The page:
Patent Case Summaries - July 2021 #1

Alston & Bird

A weekly summary of the precedential patent-related opinions issued by the Court of Appeals for the Federal Circuit and the opinions designated precedential or informative by the Patent Trial and Appeal Board.

Bot M8 LLC v. Sony Corp. of America, et al., No. 2020-2218 (Fed. Cir. (N.D. Cal.) July 13, 2021). Opinion by O’Malley, joined by Dyk and Linn.

Bot M8 filed a complaint accusing Sony of infringing several patents related to gaming machines. At the case management conference, the district court directed Bot M8 to file an amended complaint specifying “every element of every claim that you say is infringed and/or explain why it can’t be done.”

Bot M8 filed the amended complaint, prompting Sony to move to dismiss for failure to state a claim. The district court granted the motion as to four of the asserted patents, finding that Bot M8’s allegations too closely tracked the claim language and had no underlying allegations of fact. Bot M8 then requested leave to file a second amended complaint, which the court denied, and requested reconsideration, which the court also denied.

The dismissal order left one patent in the case. As to that patent, the district court granted Sony’s motion for summary judgment of invalidity under 35 U.S.C. § 101. Applying the two-step Alice framework, the district court found that the asserted claim is directed to an abstract idea and lacked any inventive concept.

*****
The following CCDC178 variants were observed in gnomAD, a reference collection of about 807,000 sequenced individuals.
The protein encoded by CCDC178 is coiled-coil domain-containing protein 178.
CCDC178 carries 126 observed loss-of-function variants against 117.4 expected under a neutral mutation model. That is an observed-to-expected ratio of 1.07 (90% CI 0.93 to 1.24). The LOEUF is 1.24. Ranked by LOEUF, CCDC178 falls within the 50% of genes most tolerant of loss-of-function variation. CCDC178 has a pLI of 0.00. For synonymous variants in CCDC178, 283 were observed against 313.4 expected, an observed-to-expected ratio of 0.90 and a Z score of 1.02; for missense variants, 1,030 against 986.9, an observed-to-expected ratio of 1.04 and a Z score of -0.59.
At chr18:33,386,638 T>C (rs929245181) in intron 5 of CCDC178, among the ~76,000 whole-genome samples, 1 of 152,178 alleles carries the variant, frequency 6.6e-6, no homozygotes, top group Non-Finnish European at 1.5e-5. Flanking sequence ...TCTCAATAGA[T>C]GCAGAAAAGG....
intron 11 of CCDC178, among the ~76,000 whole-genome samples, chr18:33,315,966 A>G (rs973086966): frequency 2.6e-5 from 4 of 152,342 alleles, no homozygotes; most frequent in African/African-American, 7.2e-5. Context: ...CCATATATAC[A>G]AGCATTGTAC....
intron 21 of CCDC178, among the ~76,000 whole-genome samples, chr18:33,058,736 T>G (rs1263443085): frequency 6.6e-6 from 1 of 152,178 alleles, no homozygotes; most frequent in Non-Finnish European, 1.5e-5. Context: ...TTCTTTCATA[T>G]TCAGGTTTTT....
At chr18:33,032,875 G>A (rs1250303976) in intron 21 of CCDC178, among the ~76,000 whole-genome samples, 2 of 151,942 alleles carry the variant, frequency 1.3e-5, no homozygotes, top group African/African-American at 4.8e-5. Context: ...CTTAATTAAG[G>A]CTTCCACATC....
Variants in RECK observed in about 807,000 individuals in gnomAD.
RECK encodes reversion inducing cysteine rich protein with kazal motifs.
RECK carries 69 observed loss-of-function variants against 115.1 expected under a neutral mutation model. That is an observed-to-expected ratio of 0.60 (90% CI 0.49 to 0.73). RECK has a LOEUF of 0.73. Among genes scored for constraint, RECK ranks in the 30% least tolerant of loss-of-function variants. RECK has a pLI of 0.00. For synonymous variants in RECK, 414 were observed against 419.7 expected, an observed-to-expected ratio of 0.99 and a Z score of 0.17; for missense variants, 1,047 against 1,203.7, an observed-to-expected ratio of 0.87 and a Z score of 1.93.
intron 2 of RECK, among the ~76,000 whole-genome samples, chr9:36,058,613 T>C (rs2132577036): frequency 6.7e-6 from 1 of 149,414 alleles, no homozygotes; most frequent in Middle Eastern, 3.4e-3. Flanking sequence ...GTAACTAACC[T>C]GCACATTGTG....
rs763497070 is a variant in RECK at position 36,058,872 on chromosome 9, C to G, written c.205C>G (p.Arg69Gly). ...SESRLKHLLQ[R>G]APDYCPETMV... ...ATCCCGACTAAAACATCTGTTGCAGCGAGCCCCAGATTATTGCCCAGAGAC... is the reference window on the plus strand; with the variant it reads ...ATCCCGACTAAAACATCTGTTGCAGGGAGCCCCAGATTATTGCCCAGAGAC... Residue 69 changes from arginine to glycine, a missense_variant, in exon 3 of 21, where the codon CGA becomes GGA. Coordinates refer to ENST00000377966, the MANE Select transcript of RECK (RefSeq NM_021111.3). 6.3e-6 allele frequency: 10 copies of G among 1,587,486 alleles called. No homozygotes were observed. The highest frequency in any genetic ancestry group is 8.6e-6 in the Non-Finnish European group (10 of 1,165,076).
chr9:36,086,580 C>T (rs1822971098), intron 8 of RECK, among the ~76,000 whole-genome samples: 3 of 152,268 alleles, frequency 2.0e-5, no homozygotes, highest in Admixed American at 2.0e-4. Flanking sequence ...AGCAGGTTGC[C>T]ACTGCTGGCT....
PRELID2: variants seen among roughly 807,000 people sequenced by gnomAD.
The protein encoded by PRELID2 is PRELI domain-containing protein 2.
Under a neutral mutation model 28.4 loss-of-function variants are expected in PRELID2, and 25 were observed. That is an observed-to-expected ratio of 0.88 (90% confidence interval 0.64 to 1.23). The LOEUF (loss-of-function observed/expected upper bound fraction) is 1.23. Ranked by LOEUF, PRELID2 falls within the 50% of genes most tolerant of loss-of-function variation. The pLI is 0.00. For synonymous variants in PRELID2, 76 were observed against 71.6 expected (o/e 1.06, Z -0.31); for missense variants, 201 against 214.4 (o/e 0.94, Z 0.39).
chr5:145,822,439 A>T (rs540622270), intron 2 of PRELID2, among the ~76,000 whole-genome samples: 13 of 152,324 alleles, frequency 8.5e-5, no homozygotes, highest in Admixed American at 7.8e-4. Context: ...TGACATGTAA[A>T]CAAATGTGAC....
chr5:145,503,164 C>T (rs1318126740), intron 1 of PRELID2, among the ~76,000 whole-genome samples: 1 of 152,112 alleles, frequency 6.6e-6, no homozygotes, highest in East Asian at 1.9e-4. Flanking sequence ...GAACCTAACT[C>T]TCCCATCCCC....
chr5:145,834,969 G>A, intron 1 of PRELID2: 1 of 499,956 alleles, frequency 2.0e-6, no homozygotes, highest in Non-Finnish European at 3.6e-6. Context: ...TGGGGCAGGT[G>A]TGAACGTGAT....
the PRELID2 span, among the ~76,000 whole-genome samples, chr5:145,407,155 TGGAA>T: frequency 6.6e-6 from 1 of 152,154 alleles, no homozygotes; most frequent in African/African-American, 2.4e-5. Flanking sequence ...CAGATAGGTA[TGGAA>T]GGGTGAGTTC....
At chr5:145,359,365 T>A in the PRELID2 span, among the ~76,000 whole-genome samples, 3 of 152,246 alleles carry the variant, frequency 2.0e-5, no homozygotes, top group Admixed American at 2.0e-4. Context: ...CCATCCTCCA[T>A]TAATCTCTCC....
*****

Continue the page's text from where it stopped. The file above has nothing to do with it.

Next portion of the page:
The Federal Circuit affirmed in part, reversed in part, and remanded.

First, addressing the dismissal of four of the asserted patents, the Federal Circuit disagreed with the pleading standard applied by the district court. The Federal Circuit explained that a plaintiff need not allege “every element of every claim that you say is infringed and/or explain why it can’t be done” as the district court had required. The Federal Circuit “reiterate[d] that a plaintiff need not prove its case at the pleadings stage.” Instead, the factual allegations in the complaint must be “sufficient to show that the plaintiff has a plausible claim for relief.” The Federal Circuit explained that a plaintiff “is not required to plead infringement on an element-by-element basis.” But if a plaintiff elects to do so, it is insufficient for the allegations simply to “recit[e] the claim elements and merely conclud[e] that the accused product has those elements.”

Applying the proper pleading standard, the Federal Circuit affirmed the dismissal as to two of the patents, but ruled that the district court erred in dismissing the other two patents. For those, the district court had “simply required too much.” The allegations in the amended complaint “plausibly allege[d] infringement.”

Finally, the Federal Circuit affirmed the district court’s summary judgment ruling of invalidity under § 101. In so ruling, the court simply stated that, “after careful consideration, we discern no error in the district court’s § 101 analysis, and find no need to discuss that analysis in any detail.”

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